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‘Open and unpredictable’ – Guscott’s European Champions Cup guide

European Champions Cup

Saracens captain Brad Barritt lifted the trophy last season after a 28-17 win over Clermont

In the past five years, the European Champions Cup has been under a duopoly.

Saracens have won the past two titles, successfully defending the trophy in May with victory over Clermont.

Before that, big-spending French superpowers Toulon won an unprecedented three in a row between 2012 and 2015.

But a new season brings new contenders.

Might the new money of Montpellier – under the guidance of former Scotland coach Vern Cotter – sweep to the top of the European game?

Meanwhile, English champions Exeter are turning their sights to a continental challenge, and the twin Irish threat of Leinster and Munster will want to go at least one better than last season’s semi-final defeats.

Or could Scarlets land the trophy for the first time for Wales on the back of a thrilling Pro12 triumph in May?

It will be a long, entertaining and intriguing road to the final in Bilbao on 12 May.

Pool 1: Harlequins, Ulster, La Rochelle, Wasps

The Champions Cup is a formidable competition whoever you are, wherever you come from and whatever your pedigree.

And this group typifies how open and unpredictable it can be.

On their best form, all of the teams in Pool 1 are going to fancy their chances.

La Rochelle are a coming force in France.

They finished top of the Top 14 in the regular season last campaign and have won five out of seven at the start of this.

A lot will depend on whether they fight on two fronts or instead choose to focus their resources on winning their domestic title, which carries greater cache in France.

Wasps are starting to really exert themselves in continental competition, building on campaigns year after year, just as Saracens did successfully in the run-up to their first European title in 2016.

But if they are to better last season’s run to the final eight, they will have to overcome a rotten run of injuries that left them without 15 players – including fly-half Danny Cipriani – at the beginning of this month, and an indifferent start to this campaign.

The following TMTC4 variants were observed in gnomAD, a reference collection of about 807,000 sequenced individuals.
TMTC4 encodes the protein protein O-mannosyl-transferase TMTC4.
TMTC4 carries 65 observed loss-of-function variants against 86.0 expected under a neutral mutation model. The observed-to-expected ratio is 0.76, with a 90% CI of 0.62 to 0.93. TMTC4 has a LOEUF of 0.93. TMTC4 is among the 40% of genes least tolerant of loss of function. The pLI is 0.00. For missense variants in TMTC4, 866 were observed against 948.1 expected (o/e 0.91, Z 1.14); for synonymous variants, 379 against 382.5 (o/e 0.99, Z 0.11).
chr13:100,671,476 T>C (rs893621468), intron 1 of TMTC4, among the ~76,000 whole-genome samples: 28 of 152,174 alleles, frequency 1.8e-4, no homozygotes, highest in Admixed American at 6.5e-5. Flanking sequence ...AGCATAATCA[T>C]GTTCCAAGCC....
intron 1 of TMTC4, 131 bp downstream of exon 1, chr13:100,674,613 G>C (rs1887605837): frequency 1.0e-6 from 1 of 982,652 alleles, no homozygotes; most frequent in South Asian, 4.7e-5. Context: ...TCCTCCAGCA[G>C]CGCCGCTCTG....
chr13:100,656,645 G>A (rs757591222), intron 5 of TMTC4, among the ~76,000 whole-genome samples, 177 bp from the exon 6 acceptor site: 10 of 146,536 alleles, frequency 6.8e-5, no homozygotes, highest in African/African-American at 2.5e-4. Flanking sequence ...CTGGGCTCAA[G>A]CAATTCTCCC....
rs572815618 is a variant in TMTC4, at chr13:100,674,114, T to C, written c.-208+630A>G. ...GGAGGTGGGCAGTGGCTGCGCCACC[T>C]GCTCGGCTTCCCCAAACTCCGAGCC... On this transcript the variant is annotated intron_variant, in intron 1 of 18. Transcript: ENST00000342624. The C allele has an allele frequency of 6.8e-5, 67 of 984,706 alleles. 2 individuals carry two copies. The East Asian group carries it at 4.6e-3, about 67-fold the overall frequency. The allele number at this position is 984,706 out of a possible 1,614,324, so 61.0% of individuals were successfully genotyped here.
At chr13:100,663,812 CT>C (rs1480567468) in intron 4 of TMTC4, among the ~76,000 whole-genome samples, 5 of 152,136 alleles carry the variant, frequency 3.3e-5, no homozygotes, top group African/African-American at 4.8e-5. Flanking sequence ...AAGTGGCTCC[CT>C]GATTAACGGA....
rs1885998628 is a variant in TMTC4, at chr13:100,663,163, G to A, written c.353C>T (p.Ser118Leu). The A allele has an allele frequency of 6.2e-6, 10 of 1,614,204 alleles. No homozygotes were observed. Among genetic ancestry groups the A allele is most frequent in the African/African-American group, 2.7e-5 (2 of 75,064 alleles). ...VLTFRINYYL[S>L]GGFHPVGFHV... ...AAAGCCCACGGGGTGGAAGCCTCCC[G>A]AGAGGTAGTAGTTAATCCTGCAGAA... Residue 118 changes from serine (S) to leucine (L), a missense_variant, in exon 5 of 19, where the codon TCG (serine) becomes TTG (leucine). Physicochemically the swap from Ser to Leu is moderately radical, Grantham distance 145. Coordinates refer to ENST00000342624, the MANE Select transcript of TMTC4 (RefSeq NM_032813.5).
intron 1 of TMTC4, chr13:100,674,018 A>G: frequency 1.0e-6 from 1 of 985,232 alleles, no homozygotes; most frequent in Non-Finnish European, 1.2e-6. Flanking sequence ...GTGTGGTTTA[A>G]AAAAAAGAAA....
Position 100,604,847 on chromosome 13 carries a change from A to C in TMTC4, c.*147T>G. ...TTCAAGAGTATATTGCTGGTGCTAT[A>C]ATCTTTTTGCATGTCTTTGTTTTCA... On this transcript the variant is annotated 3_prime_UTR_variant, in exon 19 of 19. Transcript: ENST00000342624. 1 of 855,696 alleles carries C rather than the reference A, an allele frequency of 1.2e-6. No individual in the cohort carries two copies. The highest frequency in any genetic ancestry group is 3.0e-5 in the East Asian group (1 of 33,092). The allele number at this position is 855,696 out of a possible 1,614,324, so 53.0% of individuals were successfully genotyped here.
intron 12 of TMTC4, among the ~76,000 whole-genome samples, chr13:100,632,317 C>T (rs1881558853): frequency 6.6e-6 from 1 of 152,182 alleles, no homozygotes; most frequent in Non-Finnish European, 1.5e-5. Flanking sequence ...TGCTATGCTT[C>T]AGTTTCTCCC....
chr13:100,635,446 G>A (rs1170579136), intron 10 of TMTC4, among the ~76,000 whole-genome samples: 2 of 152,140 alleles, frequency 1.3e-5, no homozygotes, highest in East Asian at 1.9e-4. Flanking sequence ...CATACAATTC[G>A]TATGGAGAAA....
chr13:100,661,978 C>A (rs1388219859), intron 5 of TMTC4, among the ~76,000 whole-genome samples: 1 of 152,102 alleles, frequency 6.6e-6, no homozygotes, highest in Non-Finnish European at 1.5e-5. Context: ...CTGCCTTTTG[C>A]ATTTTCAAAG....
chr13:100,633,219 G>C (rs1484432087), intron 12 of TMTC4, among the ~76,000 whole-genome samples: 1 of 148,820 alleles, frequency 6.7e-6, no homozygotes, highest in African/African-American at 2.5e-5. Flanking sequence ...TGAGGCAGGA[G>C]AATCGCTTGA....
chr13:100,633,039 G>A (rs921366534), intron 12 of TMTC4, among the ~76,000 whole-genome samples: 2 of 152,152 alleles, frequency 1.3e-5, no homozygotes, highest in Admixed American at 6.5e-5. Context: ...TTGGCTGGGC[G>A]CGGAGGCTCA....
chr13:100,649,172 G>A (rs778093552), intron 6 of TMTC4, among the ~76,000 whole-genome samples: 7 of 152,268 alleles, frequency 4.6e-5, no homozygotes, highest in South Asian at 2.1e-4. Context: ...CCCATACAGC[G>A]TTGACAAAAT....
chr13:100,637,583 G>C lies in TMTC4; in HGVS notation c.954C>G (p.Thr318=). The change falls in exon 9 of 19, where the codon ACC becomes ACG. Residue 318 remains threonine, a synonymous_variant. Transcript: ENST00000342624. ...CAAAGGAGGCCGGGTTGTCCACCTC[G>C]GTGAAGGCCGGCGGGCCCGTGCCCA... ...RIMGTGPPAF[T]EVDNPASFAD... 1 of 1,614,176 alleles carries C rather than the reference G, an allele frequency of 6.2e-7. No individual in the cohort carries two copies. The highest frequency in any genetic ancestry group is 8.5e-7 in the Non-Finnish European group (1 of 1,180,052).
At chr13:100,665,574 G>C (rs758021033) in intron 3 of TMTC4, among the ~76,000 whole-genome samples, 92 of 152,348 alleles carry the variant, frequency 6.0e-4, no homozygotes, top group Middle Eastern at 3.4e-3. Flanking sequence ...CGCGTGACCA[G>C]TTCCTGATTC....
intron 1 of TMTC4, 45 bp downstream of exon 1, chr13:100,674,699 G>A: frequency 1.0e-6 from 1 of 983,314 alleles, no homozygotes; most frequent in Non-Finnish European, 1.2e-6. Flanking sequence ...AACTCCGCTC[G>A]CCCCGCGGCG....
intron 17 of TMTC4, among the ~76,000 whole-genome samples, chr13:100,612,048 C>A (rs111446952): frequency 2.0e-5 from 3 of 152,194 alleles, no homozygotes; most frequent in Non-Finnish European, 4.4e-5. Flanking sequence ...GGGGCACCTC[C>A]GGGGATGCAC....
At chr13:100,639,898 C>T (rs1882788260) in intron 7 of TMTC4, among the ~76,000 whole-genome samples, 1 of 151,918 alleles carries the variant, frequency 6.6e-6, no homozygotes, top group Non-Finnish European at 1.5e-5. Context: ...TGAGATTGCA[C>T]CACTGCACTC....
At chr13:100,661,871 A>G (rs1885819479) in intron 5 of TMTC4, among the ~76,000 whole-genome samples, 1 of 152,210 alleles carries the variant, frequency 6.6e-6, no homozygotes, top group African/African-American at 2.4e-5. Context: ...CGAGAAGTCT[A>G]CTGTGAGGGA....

Ulster have been quiet in Europe for the past few seasons after that run to the 2012 final, but are under a new coach in Jono Gibbes, who won this tournament three times in his time on Leinster’s backroom staff and has more recently been involved in Clermont’s assault on the business end of the Champions Cup.

Player to watch: Marcus Smith (Harlequins)

marcus smith of Harlequins<!–

Smith became the second-youngest debutant fly-half in Premiership history when he started against London Irish in February

After he was promoted to England’s senior training squad earlier this year, there is understandably a lot of excitement around 18-year-old Marcus Smith.

Having made the step up to the Quins first team so early and promisingly, it will be interesting to see what he can do at this higher level of competition.

He is small for a modern fly-half but he doesn’t go missing at all in defence. Attacking-wise, he has a very complete skillset. He has great vision, great hands, pace, a step and a nose for a gap – he’s an all-round threat.

Pool 2: Clermont, Northampton, Ospreys, Saracens

Since losing to that sensational Leinster rally in the 2011 final, Northampton keep threatening to mount a European campaign without managing to deliver on the pitch.

Even with the totemic French number eight Louis Picamoles at Franklin’s Gardens last season, they finished bottom of Pool 4. And they are missing his cannonball runs this time around after Montpellier tempted him back home.

All in all it is difficult seeing either Saints or Ospreys getting much change from Clermont and Saracens, who contested last year’s final.

Who tops the pool might well come down to who travels better and the December double-header when Clermont and Saracens meet on successive weekends will be a seismic couple of matches.

Player to watch: Piers Francis (Northampton)

Piers Francis<!–

Francis missed the start of the season with a jaw injury

The Northampton centre was playing for the Auckland Blues last season – but missed the New Zealand franchise’s match against the British and Irish Lions to accept a call-up to England’s tour of Argentina.

He has experience of playing in Super 14 and should flourish with the new rules that mean the ball is in hand for longer.

He is not an enormous fellow or particularly rapid, but is an astute all-round footballer.

As a former fly-half, I wonder if Saints are looking at a double playmaking axis with him and Stephen Myler or Harry Mallinder.

Pool 3: Exeter, Glasgow, Leinster, Montpellier

This is another really tough group.

Montpellier are right up the top end of the French Top 14, have a new coach in Cotter and a mouth-watering eight-nine-10 axis of Picamoles, former Ulster scrum-half Ruan Pienaar and former All Black Aaron Cruden.